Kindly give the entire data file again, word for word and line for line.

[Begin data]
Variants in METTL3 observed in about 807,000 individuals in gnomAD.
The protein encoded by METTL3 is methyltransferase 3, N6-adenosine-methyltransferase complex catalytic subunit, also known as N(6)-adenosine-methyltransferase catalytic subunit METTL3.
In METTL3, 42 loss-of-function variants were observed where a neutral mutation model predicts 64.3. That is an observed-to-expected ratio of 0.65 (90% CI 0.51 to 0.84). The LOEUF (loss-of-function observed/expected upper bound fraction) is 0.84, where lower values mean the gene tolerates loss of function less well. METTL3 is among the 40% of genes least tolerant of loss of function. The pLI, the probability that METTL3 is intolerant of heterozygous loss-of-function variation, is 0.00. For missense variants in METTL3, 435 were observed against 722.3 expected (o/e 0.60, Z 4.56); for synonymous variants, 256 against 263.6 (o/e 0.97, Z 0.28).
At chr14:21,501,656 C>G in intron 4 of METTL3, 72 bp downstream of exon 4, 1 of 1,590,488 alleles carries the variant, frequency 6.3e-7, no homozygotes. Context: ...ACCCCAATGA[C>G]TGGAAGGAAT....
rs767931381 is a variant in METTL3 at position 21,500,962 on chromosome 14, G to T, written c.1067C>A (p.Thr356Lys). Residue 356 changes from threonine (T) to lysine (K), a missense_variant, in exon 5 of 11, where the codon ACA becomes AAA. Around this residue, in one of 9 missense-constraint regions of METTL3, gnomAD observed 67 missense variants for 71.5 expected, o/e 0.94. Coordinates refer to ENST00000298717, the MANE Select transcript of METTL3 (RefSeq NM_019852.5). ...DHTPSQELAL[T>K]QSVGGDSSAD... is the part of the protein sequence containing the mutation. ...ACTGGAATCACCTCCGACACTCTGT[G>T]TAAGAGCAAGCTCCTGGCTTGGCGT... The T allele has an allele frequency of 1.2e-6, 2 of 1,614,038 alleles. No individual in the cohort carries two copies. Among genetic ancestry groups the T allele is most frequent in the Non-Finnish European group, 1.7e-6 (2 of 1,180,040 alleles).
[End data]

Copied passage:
Variants in METTL3 observed in about 807,000 individuals in gnomAD.
The protein encoded by METTL3 is methyltransferase 3, N6-adenosine-methyltransferase complex catalytic subunit, also known as N(6)-adenosine-methyltransferase catalytic subunit METTL3.
In METTL3, 42 loss-of-function variants were observed where a neutral mutation model predicts 64.3. That is an observed-to-expected ratio of 0.65 (90% CI 0.51 to 0.84). The LOEUF (loss-of-function observed/expected upper bound fraction) is 0.84, where lower values mean the gene tolerates loss of function less well. METTL3 is among the 40% of genes least tolerant of loss of function. The pLI, the probability that METTL3 is intolerant of heterozygous loss-of-function variation, is 0.00. For missense variants in METTL3, 435 were observed against 722.3 expected (o/e 0.60, Z 4.56); for synonymous variants, 256 against 263.6 (o/e 0.97, Z 0.28).
At chr14:21,501,656 C>G in intron 4 of METTL3, 72 bp downstream of exon 4, 1 of 1,590,488 alleles carries the variant, frequency 6.3e-7, no homozygotes. Context: ...ACCCCAATGA[C>G]TGGAAGGAAT....
rs767931381 is a variant in METTL3 at position 21,500,962 on chromosome 14, G to T, written c.1067C>A (p.Thr356Lys). Residue 356 changes from threonine (T) to lysine (K), a missense_variant, in exon 5 of 11, where the codon ACA becomes AAA. Around this residue, in one of 9 missense-constraint regions of METTL3, gnomAD observed 67 missense variants for 71.5 expected, o/e 0.94. Coordinates refer to ENST00000298717, the MANE Select transcript of METTL3 (RefSeq NM_019852.5). ...DHTPSQELAL[T>K]QSVGGDSSAD... is the part of the protein sequence containing the mutation. ...ACTGGAATCACCTCCGACACTCTGT[G>T]TAAGAGCAAGCTCCTGGCTTGGCGT... The T allele has an allele frequency of 1.2e-6, 2 of 1,614,038 alleles. No individual in the cohort carries two copies. Among genetic ancestry groups the T allele is most frequent in the Non-Finnish European group, 1.7e-6 (2 of 1,180,040 alleles).